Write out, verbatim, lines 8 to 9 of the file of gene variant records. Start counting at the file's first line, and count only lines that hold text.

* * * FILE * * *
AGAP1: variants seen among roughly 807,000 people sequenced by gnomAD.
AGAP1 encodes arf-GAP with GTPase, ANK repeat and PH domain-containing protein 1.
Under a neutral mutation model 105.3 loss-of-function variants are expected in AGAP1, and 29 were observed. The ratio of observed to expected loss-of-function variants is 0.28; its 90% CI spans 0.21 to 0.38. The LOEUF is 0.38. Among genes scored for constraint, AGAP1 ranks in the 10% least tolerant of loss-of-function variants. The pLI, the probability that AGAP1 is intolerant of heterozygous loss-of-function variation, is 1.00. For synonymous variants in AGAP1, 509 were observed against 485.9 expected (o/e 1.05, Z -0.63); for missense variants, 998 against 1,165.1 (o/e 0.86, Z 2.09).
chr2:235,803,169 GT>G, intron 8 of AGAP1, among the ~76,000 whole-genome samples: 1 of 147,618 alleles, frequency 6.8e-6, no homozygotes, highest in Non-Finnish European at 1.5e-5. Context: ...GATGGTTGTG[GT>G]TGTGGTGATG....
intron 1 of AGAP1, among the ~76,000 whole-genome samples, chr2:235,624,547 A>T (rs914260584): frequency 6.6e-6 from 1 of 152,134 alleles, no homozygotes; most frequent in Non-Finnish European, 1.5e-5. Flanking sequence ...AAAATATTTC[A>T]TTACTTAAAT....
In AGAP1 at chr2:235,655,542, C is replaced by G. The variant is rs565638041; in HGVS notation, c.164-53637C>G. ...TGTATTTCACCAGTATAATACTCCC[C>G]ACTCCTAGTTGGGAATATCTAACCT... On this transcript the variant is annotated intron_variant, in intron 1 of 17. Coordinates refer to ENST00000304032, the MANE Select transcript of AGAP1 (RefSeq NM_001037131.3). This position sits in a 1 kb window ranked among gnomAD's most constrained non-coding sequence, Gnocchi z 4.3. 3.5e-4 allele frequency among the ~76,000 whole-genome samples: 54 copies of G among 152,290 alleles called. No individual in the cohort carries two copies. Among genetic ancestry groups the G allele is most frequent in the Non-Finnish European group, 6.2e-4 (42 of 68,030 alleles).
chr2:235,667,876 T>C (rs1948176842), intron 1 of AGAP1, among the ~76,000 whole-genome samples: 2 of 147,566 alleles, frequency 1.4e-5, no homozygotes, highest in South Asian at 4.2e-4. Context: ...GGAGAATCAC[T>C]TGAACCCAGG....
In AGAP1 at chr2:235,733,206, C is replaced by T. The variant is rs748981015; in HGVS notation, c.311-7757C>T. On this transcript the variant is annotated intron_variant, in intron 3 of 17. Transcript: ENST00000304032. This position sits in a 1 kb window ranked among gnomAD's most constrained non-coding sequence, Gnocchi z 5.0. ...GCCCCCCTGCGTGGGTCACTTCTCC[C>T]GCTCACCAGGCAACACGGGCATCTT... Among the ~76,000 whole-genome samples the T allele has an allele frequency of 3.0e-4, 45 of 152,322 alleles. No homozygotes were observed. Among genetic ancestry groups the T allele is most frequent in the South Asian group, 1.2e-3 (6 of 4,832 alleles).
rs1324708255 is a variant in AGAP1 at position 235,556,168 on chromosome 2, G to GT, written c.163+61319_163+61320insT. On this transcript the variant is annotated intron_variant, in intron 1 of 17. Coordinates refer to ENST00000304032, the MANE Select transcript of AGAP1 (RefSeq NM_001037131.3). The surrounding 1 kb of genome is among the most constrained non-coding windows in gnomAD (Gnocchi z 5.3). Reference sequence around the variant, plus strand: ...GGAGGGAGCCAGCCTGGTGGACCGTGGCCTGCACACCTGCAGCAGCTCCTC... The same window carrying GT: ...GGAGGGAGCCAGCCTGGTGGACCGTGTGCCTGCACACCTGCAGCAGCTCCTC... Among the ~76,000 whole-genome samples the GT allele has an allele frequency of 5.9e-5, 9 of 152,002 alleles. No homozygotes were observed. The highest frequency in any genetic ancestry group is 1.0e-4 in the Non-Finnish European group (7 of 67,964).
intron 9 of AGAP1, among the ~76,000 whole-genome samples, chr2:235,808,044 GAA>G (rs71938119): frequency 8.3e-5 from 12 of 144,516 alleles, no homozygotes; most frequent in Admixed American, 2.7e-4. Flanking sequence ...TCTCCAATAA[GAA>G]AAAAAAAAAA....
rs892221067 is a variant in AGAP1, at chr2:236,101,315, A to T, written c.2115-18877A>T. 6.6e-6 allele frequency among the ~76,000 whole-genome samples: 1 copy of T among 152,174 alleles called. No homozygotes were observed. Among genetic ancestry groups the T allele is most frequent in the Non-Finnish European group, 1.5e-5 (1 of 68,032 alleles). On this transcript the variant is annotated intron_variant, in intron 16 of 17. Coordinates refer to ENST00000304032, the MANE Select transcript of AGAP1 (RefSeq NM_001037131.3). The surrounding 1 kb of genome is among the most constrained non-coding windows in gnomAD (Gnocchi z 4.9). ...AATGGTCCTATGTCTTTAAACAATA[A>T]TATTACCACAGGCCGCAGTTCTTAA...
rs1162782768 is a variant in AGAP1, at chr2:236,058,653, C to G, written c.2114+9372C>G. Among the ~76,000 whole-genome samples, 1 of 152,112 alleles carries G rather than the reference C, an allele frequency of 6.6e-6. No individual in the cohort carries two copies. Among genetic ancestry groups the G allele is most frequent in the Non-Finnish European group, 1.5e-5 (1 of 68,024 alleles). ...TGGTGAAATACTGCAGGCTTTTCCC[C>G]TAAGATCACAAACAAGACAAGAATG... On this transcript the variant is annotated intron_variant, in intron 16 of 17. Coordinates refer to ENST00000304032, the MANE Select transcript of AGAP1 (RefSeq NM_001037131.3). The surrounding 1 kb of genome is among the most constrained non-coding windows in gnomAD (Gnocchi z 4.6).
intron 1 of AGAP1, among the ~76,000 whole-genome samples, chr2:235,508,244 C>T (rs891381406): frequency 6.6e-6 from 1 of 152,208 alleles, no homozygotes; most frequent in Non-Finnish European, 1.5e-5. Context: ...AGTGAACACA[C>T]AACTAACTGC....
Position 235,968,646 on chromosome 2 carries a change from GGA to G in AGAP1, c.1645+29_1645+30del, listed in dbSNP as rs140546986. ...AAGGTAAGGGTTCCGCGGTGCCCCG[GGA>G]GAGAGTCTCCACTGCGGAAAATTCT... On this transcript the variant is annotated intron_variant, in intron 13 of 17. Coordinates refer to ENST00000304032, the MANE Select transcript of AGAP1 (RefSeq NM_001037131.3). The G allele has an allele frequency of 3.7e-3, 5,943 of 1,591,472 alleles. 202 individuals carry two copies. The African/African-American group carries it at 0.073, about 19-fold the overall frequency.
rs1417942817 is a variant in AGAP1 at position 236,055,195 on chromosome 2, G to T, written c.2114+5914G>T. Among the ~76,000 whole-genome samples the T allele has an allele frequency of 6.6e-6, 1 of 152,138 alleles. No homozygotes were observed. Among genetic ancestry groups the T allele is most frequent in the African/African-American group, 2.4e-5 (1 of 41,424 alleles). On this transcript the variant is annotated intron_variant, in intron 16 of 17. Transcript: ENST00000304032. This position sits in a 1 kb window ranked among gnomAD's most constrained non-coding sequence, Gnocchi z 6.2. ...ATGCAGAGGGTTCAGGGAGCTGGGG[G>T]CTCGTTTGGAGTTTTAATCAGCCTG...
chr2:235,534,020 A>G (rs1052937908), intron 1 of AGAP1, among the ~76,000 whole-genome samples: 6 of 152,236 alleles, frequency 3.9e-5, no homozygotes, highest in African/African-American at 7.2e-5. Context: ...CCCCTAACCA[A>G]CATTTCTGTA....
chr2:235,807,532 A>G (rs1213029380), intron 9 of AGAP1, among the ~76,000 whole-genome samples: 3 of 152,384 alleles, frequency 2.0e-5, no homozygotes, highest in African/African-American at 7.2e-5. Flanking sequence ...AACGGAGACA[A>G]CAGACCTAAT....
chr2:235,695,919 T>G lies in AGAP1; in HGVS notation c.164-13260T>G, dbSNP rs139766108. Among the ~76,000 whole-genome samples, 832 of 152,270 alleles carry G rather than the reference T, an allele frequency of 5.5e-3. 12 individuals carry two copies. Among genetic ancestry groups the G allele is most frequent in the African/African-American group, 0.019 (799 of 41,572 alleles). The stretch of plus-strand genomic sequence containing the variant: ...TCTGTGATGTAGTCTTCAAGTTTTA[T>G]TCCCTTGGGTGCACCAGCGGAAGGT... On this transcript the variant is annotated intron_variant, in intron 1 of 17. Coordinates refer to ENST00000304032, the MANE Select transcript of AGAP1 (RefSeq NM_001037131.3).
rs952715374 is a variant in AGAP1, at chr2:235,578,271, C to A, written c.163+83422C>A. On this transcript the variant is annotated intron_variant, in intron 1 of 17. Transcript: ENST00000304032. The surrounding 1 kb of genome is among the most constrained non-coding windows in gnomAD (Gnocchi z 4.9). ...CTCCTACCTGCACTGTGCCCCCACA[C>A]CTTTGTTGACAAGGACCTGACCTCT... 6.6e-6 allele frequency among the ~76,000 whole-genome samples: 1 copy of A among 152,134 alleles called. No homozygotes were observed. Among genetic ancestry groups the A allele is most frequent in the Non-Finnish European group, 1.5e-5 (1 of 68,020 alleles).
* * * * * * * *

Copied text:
In AGAP1 at chr2:235,733,206, C is replaced by T. The variant is rs748981015; in HGVS notation, c.311-7757C>T. On this transcript the variant is annotated intron_variant, in intron 3 of 17. Transcript: ENST00000304032. This position sits in a 1 kb window ranked among gnomAD's most constrained non-coding sequence, Gnocchi z 5.0. ...GCCCCCCTGCGTGGGTCACTTCTCC[C>T]GCTCACCAGGCAACACGGGCATCTT... Among the ~76,000 whole-genome samples the T allele has an allele frequency of 3.0e-4, 45 of 152,322 alleles. No homozygotes were observed. Among genetic ancestry groups the T allele is most frequent in the South Asian group, 1.2e-3 (6 of 4,832 alleles).
rs1324708255 is a variant in AGAP1 at position 235,556,168 on chromosome 2, G to GT, written c.163+61319_163+61320insT. On this transcript the variant is annotated intron_variant, in intron 1 of 17. Coordinates refer to ENST00000304032, the MANE Select transcript of AGAP1 (RefSeq NM_001037131.3). The surrounding 1 kb of genome is among the most constrained non-coding windows in gnomAD (Gnocchi z 5.3). Reference sequence around the variant, plus strand: ...GGAGGGAGCCAGCCTGGTGGACCGTGGCCTGCACACCTGCAGCAGCTCCTC... The same window carrying GT: ...GGAGGGAGCCAGCCTGGTGGACCGTGTGCCTGCACACCTGCAGCAGCTCCTC... Among the ~76,000 whole-genome samples the GT allele has an allele frequency of 5.9e-5, 9 of 152,002 alleles. No homozygotes were observed. The highest frequency in any genetic ancestry group is 1.0e-4 in the Non-Finnish European group (7 of 67,964).